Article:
LGBT People and Federal Health Policy: An Invisible Population?

Nick J. Mulé and Miriam Smith argue that the Canadian Federal government must recognize the distinct and diverse healthcare needs of LGBT populations.


Over the last thirty years, there have been major strides in the recognition of lesbian, gay, bisexual and transgender (LGBT) rights in Canada. While the situation is far from perfect, most Canadians probably think of themselves as quite tolerant and believe that most LGBT issues have been settled. Yet, when we look at health care policy, we find that is not the case.

LGBT people have issues in health care that are often overlooked in the current system. For example, transgender people have specific medical needs in transitioning and the LGBT population suffers disproportionality from certain cancers and mental health problems, often sparked or exacerbated by prejudice, stigmatization and discrimination. Doctors often don’t ask if patients are LGBT and simply assume that people are heterosexual.


Our research looked at the extent to which federal health policy recognized the specific health problems of the LGBT population. While provincial governments administer and deliver health care to Canadians, the federal government plays an important role in setting priorities and in influencing health perspectives. It is also directly responsible for public health, Aboriginal health, and drug regulation.

We found that Health Canada and the Public Health Agency of Canada pay very little attention to LGBT health and that, indeed, their documents and websites barely mention the words gay, lesbian, bisexual, transgender, sexual orientation or gender identity. This is surprising, given that both organizations have prioritized an approach to health policy that considers social factors that affect health such as poverty. Even when sex and gender are mentioned in federal health policy, such as the gender-based analysis initiative, these are not taken to include LGBT people. Our research shows that the federal government needs to clearly recognize the full diversity of the population, by specifically naming and including LGBT people in federal health policy in a meaningful way.

Hence, we recommend that policy makers in Health Canada and the Public Health Agency of Canada recognize the LGBT populations as distinct with unique health needs, much as other populations (Aboriginal, children, (dis)abled, homeless, seniors, women, etc.) are recognized. A considerable amount of research regarding the health and wellbeing of the LGBT communities has been conducted across Canada over the past 20 years. We urge the federal health departments to review and utilize this research in developing LGBT-focused health policy.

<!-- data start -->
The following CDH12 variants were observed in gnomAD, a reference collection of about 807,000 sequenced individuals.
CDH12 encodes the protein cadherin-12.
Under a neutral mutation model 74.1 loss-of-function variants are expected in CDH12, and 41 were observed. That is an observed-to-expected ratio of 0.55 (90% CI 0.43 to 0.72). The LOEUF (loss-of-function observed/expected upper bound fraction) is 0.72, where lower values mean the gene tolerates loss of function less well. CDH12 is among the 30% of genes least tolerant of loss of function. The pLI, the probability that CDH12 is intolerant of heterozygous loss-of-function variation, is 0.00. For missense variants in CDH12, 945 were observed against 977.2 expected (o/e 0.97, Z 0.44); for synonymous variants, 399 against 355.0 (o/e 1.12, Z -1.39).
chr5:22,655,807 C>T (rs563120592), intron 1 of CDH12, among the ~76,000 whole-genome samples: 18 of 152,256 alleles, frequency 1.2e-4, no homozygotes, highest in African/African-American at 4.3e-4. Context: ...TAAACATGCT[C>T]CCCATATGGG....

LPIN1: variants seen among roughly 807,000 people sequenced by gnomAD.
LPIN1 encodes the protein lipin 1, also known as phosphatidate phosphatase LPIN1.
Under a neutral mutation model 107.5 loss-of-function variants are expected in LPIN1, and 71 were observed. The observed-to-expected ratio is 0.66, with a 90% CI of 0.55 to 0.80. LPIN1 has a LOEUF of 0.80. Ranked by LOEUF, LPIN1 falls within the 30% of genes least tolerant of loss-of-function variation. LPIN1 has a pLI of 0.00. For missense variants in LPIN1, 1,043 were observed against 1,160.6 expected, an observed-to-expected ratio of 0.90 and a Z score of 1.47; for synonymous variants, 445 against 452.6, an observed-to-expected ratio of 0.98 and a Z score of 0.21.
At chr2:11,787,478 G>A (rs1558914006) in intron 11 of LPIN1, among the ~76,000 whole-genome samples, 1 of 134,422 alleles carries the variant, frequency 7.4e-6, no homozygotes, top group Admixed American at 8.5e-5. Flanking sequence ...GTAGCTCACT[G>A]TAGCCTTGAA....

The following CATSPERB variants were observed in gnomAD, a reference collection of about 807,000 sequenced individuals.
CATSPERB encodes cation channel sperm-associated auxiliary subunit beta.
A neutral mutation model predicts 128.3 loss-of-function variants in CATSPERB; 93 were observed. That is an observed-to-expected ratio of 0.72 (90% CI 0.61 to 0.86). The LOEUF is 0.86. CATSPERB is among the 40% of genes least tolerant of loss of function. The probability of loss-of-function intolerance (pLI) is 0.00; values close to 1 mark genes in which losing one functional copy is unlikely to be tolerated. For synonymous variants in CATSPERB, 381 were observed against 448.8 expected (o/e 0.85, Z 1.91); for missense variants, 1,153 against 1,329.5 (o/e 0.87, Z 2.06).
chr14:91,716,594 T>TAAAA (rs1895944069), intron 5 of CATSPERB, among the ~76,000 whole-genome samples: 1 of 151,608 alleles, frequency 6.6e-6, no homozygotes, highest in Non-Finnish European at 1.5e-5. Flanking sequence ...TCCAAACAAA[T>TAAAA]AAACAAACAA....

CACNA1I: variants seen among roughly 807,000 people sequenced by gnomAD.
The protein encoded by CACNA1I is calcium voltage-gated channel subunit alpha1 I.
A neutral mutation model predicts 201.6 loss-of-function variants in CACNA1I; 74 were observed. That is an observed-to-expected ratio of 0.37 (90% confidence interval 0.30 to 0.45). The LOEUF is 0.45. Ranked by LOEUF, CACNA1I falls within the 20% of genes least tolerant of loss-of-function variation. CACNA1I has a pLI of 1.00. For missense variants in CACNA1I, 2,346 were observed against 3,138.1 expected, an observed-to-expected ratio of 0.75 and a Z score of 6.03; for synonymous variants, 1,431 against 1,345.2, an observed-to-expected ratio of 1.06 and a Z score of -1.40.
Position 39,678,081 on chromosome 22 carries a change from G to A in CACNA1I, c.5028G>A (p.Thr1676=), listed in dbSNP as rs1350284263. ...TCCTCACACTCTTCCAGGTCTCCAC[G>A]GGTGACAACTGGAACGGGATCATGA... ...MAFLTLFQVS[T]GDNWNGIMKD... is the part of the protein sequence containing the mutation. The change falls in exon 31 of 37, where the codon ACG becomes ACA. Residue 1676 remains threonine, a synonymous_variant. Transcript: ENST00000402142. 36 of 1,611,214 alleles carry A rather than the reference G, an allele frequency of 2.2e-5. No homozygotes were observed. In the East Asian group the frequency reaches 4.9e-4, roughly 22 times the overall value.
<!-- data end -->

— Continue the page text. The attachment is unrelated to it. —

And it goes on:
Funding, programs and services need to be made available for the broad range of health and wellbeing issues that affect the LGBT communities. The federal government should not take an illness-focused approach to LBGT issues, as is currently the case with most funding allotted for HIV/AIDS. Insofar as health and wellbeing issues are ever changing, more research dollars are needed for continued research in this area. Also, if funding and policy making are to be properly implemented, health care and social service professionals need to be properly trained to adequately address the unique issues of LGBT populations. Such training requires that colleges and universities have the necessary resources required to expand their respective curricula to include LGBT issues.

We believe the health and wellbeing of LGBT people is already heavily compromised by a heterosexist and cisgendered society. Thus, we encourage the federal government to take a more responsible position of ensuring that the LGBT communities and their health and wellbeing issues are treated knowledgeably, equitably, and with sensitivity.


Nick J. Mulé is an Associate Professor at York University. @nickjmule

Miriam Smith is a Professor at York University. @mcsmith82

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